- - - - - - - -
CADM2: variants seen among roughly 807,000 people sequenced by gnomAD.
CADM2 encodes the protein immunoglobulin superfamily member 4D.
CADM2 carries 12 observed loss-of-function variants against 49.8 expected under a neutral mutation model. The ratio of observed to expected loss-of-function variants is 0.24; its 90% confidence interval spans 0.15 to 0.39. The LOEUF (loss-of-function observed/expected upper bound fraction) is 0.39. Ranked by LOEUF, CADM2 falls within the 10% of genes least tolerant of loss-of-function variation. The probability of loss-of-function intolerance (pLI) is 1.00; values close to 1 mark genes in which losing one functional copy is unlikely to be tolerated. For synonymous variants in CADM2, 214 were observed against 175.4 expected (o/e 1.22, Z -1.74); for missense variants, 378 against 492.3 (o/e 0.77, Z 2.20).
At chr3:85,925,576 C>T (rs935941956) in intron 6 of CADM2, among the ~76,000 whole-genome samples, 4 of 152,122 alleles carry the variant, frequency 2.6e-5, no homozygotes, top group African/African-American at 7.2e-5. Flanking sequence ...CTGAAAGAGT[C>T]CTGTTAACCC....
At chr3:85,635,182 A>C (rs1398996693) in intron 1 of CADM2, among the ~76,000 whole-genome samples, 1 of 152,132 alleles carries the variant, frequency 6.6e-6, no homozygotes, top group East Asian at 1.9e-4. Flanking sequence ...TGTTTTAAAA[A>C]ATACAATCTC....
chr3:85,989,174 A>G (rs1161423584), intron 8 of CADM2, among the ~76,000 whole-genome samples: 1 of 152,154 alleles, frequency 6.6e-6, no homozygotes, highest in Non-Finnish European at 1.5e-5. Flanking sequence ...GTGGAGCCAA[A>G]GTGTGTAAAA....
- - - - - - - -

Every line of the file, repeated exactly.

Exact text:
CADM2: variants seen among roughly 807,000 people sequenced by gnomAD.
CADM2 encodes the protein immunoglobulin superfamily member 4D.
CADM2 carries 12 observed loss-of-function variants against 49.8 expected under a neutral mutation model. The ratio of observed to expected loss-of-function variants is 0.24; its 90% confidence interval spans 0.15 to 0.39. The LOEUF (loss-of-function observed/expected upper bound fraction) is 0.39. Ranked by LOEUF, CADM2 falls within the 10% of genes least tolerant of loss-of-function variation. The probability of loss-of-function intolerance (pLI) is 1.00; values close to 1 mark genes in which losing one functional copy is unlikely to be tolerated. For synonymous variants in CADM2, 214 were observed against 175.4 expected (o/e 1.22, Z -1.74); for missense variants, 378 against 492.3 (o/e 0.77, Z 2.20).
At chr3:85,925,576 C>T (rs935941956) in intron 6 of CADM2, among the ~76,000 whole-genome samples, 4 of 152,122 alleles carry the variant, frequency 2.6e-5, no homozygotes, top group African/African-American at 7.2e-5. Flanking sequence ...CTGAAAGAGT[C>T]CTGTTAACCC....
At chr3:85,635,182 A>C (rs1398996693) in intron 1 of CADM2, among the ~76,000 whole-genome samples, 1 of 152,132 alleles carries the variant, frequency 6.6e-6, no homozygotes, top group East Asian at 1.9e-4. Flanking sequence ...TGTTTTAAAA[A>C]ATACAATCTC....
chr3:85,989,174 A>G (rs1161423584), intron 8 of CADM2, among the ~76,000 whole-genome samples: 1 of 152,154 alleles, frequency 6.6e-6, no homozygotes, highest in Non-Finnish European at 1.5e-5. Flanking sequence ...GTGGAGCCAA[A>G]GTGTGTAAAA....